When people set their minds to something, it’s hard to change them. It’s true in life — and in executive search when a board determines the type of CEO they want to hire. I see it often in the staffing industry where a company intently focuses on hiring leadership talent only from within their domain. If their focus is light industrial (LI), they want a CEO out of LI. If their focus is healthcare, they are determined to keep their candidate lists clear of any talent outside of healthcare staffing.
Often, when I suggest to a search committee that they should consider looking outside their staffing domain for a CEO, the response is a “we would prefer not to.” Am I asking too much? Are staffing domains so specialized across the industry that a talented, experienced leader from a different niche might be confounded by the practices, culture and rules? I don’t think so and here is my case for why.
Reason 1: It Works — I’ve Seen It
Let’s start with the point that’s hardest to argue — the hard evidence of past successes. In my work, I have helped several staffing industry CEOs leapfrog smoothly from one staffing domain to another. Over the last year, I have guided three staffing industry CEOs through leadership transitions to new domains. In one case, a CEO from an IT staffing firm moved over to head a legal staffing firm. Another time, a CEO from light industrial switched niches to lead a healthcare staffing organization.The final of these recent placements was a CEO from outsourcing who moved to commercial staffing. To date, each of these three CEOs and the staffing businesses they lead is thriving. In addition, the leader has found motivation and inspiration in the learning that comes with embracing a new domain.
Reason 2: The Industry Is Too Small for Limits
At just under $150 billion in total revenue, the staffing industry is relatively small. Walmart alone is a nearly $500 billion business.By narrowing candidate choices to CEOs within just one vertical segment of the staffing industry, businesses are creating a limited pool of prospects. Staffing leadership talent pools are limited enough without cutting them down by niche.
Reason 3: Outsiders Can Infuse Innovation
When you have been in the same role, niche and industry for decades, you can become blind to the challenges (and sometimes to the opportunities) that arise. A staffing leader who has taken a different path to the top and leveraged different processes, technologies and resources brings new ideas and perspectives. At a time of unprecedented disruption across all industries, sometimes the CEO you need is not the CEO you planned or expected. It’s a sanctioned disruption that businesses can leverage for competitive advantage.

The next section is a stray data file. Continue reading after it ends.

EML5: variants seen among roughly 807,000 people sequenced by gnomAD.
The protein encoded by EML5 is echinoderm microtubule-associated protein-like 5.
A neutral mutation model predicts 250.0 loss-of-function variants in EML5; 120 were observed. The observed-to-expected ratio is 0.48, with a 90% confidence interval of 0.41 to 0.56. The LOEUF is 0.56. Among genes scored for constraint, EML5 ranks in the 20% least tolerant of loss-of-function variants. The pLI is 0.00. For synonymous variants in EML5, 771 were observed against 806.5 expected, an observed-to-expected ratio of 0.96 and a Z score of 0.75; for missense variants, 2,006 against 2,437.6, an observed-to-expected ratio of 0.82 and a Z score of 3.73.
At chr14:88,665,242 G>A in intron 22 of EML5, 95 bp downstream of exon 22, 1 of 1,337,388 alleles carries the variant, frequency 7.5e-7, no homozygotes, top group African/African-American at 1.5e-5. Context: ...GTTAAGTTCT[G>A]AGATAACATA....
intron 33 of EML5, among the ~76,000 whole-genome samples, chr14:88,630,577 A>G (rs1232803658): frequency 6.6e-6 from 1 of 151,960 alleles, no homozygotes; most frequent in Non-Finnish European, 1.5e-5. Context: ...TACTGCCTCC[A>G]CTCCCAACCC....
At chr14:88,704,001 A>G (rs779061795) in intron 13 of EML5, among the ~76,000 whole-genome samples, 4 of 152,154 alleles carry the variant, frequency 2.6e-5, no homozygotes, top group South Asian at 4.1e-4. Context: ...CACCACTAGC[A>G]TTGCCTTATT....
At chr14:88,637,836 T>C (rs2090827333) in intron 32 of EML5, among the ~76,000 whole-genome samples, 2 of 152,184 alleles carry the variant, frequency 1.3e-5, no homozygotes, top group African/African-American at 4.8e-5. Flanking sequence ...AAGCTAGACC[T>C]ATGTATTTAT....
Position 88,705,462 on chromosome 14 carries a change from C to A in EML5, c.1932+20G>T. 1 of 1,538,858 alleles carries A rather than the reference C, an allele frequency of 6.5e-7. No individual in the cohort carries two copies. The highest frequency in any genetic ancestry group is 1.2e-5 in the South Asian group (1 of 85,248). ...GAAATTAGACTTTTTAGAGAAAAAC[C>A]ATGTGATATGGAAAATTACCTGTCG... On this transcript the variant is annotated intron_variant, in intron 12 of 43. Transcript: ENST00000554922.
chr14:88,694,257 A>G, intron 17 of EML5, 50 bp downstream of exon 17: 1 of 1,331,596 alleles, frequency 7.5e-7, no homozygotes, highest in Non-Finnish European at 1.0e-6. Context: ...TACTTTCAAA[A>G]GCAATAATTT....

Reason 4: CEOs Have Learning Curves, Too
It is true that staffing niches have very specific processes, challenges and approaches. Take light industrial staffing which has unique compliance issues and workers’ compensation considerations to manage. You cannot simply switch a light industrial staffing team for a professional services staffing team and expect business to continue as usual. That said, I do think the CEO role is different.
By the time senior staffing executives have advanced to the CEO role, their daily work is focused on P&L management, growth strategy development, merger and acquisition execution and other critical business building and innovation driving activities. Those advanced leadership capabilities and skills cannot be learned in the first few weeks (even the first few years) on the job, but domain nuances can. Highly talented CEO candidates can and will do whatever it takes to quickly learn the business, from its customers and employees to the candidates, processes and traits that make it unique. With every new role, there is a learning curve and that is true for CEOs as well. In my experience, staffing domain nuances can be a part of that curve.
Exceptions to the Rule
While I am clearly a proponent of keeping the leadership talent pool deep and wide for CEO roles in the staffing industry, I do have two caveats. First, I would suggest being thoughtful when selecting a novice CEO for a new staffing domain. While I have placed new CEOs who did not have experience in their “new domain,” it takes a special and highly experienced executive to make this double jump to 1) senior-most leadership and 2) a new vertical. In the cases where this has worked, the new CEOs were coming into roles where the P&Ls were significantly smaller than those they had previously managed. While it’s often preferred to have an established CEO, new CEOs must bring with them extensive financial and operational management experience.
Secondly, make sure that executive leaders who are switching domains have a powerful reason for doing so. Be it a passion to dive into a new specialization or determination to manage a bigger P&L, I make it a rule to ensure that the leader looking for transition has strong, career-driven reasons to do so. Ambition is always a critical litmus test for a leadership role. If ambition isn’t reflected in the candidate’s motives for transition, I would not recommend the hire.
Fewer Limits, More Opportunities
In executive placement, it’s essential to have high standards. My advice to executive boards is to keep those standards high but apply them to the bigger, more diverse and growing pool of the entire staffing industry. It certainly can’t hurt and may be just the kind of measured disruption needed to drive growth and innovation.